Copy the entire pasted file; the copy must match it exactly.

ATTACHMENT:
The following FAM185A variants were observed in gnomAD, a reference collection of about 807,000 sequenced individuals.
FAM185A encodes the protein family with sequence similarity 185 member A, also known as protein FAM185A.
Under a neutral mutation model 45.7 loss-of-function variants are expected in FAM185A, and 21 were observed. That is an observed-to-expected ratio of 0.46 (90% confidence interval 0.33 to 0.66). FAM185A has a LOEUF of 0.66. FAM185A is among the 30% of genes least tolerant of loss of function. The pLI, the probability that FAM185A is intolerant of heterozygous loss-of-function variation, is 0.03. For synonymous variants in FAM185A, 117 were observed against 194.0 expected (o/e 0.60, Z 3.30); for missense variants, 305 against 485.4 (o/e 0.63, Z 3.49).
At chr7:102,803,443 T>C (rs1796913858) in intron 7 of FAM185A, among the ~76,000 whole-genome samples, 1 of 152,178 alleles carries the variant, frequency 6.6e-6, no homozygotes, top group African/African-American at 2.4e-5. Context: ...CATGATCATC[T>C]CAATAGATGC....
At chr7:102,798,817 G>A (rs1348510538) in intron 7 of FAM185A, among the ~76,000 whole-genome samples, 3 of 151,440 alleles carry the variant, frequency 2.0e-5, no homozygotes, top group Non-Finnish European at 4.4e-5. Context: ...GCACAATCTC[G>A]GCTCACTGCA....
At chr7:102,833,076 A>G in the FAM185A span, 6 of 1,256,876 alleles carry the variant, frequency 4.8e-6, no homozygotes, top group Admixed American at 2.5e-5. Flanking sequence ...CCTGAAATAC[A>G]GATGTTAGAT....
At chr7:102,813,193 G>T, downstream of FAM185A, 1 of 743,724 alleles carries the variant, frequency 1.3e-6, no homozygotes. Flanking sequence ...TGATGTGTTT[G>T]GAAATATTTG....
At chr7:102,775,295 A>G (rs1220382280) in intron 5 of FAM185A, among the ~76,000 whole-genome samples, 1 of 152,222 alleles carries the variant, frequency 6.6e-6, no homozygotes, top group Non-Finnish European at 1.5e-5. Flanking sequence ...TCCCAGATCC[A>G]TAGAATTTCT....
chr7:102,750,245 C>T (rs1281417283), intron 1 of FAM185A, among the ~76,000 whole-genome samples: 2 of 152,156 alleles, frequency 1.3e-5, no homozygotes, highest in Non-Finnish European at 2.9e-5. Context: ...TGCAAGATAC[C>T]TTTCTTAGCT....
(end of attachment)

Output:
The following FAM185A variants were observed in gnomAD, a reference collection of about 807,000 sequenced individuals.
FAM185A encodes the protein family with sequence similarity 185 member A, also known as protein FAM185A.
Under a neutral mutation model 45.7 loss-of-function variants are expected in FAM185A, and 21 were observed. That is an observed-to-expected ratio of 0.46 (90% confidence interval 0.33 to 0.66). FAM185A has a LOEUF of 0.66. FAM185A is among the 30% of genes least tolerant of loss of function. The pLI, the probability that FAM185A is intolerant of heterozygous loss-of-function variation, is 0.03. For synonymous variants in FAM185A, 117 were observed against 194.0 expected (o/e 0.60, Z 3.30); for missense variants, 305 against 485.4 (o/e 0.63, Z 3.49).
At chr7:102,803,443 T>C (rs1796913858) in intron 7 of FAM185A, among the ~76,000 whole-genome samples, 1 of 152,178 alleles carries the variant, frequency 6.6e-6, no homozygotes, top group African/African-American at 2.4e-5. Context: ...CATGATCATC[T>C]CAATAGATGC....
At chr7:102,798,817 G>A (rs1348510538) in intron 7 of FAM185A, among the ~76,000 whole-genome samples, 3 of 151,440 alleles carry the variant, frequency 2.0e-5, no homozygotes, top group Non-Finnish European at 4.4e-5. Context: ...GCACAATCTC[G>A]GCTCACTGCA....
At chr7:102,833,076 A>G in the FAM185A span, 6 of 1,256,876 alleles carry the variant, frequency 4.8e-6, no homozygotes, top group Admixed American at 2.5e-5. Flanking sequence ...CCTGAAATAC[A>G]GATGTTAGAT....
At chr7:102,813,193 G>T, downstream of FAM185A, 1 of 743,724 alleles carries the variant, frequency 1.3e-6, no homozygotes. Flanking sequence ...TGATGTGTTT[G>T]GAAATATTTG....
At chr7:102,775,295 A>G (rs1220382280) in intron 5 of FAM185A, among the ~76,000 whole-genome samples, 1 of 152,222 alleles carries the variant, frequency 6.6e-6, no homozygotes, top group Non-Finnish European at 1.5e-5. Flanking sequence ...TCCCAGATCC[A>G]TAGAATTTCT....
chr7:102,750,245 C>T (rs1281417283), intron 1 of FAM185A, among the ~76,000 whole-genome samples: 2 of 152,156 alleles, frequency 1.3e-5, no homozygotes, highest in Non-Finnish European at 2.9e-5. Context: ...TGCAAGATAC[C>T]TTTCTTAGCT....